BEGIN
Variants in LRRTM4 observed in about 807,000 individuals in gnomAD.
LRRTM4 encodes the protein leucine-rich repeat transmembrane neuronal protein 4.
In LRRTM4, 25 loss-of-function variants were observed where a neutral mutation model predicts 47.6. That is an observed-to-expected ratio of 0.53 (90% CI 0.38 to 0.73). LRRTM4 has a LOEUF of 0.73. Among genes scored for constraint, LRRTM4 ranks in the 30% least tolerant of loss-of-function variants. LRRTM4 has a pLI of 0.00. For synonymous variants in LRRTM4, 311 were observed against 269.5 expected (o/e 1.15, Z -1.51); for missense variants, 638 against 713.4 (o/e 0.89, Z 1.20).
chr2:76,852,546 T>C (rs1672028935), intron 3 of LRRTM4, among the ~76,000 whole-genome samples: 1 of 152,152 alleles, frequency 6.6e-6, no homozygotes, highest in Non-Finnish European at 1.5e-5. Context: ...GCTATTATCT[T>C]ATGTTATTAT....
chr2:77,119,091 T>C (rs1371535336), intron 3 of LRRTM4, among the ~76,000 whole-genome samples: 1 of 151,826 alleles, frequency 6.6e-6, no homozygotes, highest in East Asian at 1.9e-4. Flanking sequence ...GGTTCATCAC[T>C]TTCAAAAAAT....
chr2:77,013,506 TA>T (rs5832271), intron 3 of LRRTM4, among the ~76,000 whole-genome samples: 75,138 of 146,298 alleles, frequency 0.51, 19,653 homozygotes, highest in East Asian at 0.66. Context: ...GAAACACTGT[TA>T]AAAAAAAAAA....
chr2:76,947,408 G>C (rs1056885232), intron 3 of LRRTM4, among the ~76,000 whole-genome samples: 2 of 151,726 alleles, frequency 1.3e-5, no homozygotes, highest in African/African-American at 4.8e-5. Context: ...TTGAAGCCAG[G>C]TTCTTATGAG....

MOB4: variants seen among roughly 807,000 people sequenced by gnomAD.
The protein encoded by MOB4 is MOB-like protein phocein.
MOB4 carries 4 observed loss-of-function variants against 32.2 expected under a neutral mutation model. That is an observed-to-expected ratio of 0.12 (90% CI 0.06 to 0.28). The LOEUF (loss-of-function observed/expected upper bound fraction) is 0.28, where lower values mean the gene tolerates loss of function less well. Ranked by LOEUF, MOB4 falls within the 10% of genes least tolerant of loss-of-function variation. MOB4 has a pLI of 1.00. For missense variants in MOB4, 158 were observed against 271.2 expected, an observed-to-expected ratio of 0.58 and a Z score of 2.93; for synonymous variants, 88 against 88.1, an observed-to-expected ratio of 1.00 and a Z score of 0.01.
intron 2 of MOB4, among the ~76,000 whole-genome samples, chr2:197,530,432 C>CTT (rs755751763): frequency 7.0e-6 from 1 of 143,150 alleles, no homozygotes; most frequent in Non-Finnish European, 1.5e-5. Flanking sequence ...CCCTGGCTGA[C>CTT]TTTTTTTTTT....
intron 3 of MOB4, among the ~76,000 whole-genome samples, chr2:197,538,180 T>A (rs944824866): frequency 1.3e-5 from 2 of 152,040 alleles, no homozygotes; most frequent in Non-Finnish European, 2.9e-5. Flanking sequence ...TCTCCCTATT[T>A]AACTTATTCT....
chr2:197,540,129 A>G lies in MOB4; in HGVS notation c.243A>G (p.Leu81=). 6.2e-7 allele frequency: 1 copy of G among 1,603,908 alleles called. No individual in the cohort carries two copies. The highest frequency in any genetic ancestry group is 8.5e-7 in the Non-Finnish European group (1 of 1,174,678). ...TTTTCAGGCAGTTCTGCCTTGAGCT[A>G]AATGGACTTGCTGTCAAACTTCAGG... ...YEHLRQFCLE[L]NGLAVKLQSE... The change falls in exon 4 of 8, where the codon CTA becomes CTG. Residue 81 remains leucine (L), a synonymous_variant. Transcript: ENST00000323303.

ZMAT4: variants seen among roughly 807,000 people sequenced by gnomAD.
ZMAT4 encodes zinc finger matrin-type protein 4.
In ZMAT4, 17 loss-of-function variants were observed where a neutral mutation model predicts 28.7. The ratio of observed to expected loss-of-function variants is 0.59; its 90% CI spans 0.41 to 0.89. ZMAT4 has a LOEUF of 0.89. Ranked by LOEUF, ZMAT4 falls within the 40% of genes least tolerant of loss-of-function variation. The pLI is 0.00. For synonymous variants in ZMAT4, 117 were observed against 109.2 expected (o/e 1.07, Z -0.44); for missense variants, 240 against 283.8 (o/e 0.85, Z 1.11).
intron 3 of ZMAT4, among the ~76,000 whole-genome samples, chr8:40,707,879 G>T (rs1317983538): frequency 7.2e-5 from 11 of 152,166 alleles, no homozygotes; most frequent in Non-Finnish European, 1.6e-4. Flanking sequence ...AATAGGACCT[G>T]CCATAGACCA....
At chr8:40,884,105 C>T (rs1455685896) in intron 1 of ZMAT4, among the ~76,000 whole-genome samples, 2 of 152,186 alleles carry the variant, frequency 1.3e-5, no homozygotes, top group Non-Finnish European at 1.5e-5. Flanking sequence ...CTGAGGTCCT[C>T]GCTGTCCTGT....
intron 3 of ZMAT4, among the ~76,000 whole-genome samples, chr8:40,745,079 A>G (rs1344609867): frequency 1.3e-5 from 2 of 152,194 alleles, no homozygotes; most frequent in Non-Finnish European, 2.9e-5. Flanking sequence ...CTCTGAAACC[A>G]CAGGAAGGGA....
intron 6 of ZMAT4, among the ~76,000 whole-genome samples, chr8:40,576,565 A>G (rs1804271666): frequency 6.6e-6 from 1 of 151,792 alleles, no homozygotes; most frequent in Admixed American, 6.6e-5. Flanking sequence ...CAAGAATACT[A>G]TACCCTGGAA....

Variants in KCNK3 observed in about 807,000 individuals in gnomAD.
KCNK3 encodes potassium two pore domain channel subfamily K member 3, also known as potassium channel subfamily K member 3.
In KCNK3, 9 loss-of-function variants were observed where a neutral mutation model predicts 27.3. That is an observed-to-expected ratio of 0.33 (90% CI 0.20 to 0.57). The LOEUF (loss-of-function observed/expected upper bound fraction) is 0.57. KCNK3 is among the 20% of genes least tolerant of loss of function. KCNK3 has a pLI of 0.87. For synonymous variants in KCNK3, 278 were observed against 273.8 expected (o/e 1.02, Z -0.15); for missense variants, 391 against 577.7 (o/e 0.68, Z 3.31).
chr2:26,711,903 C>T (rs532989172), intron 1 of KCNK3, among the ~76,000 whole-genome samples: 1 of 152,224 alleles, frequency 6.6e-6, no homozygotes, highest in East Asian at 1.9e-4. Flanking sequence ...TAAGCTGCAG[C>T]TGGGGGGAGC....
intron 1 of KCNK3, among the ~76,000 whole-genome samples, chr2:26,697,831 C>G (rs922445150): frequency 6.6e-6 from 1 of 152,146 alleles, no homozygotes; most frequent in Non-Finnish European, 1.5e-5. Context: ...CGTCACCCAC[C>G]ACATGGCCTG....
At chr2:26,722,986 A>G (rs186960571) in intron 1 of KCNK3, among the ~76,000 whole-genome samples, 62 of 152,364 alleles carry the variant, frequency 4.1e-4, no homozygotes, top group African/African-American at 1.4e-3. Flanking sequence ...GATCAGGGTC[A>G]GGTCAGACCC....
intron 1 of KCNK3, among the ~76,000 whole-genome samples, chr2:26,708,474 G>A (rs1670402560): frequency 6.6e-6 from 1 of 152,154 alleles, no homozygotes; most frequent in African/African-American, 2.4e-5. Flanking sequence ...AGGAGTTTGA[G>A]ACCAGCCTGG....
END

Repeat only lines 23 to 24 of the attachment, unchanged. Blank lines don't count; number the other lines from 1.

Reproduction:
In KCNK3, 9 loss-of-function variants were observed where a neutral mutation model predicts 27.3. That is an observed-to-expected ratio of 0.33 (90% CI 0.20 to 0.57). The LOEUF (loss-of-function observed/expected upper bound fraction) is 0.57. KCNK3 is among the 20% of genes least tolerant of loss of function. KCNK3 has a pLI of 0.87. For synonymous variants in KCNK3, 278 were observed against 273.8 expected (o/e 1.02, Z -0.15); for missense variants, 391 against 577.7 (o/e 0.68, Z 3.31).
chr2:26,711,903 C>T (rs532989172), intron 1 of KCNK3, among the ~76,000 whole-genome samples: 1 of 152,224 alleles, frequency 6.6e-6, no homozygotes, highest in East Asian at 1.9e-4. Flanking sequence ...TAAGCTGCAG[C>T]TGGGGGGAGC....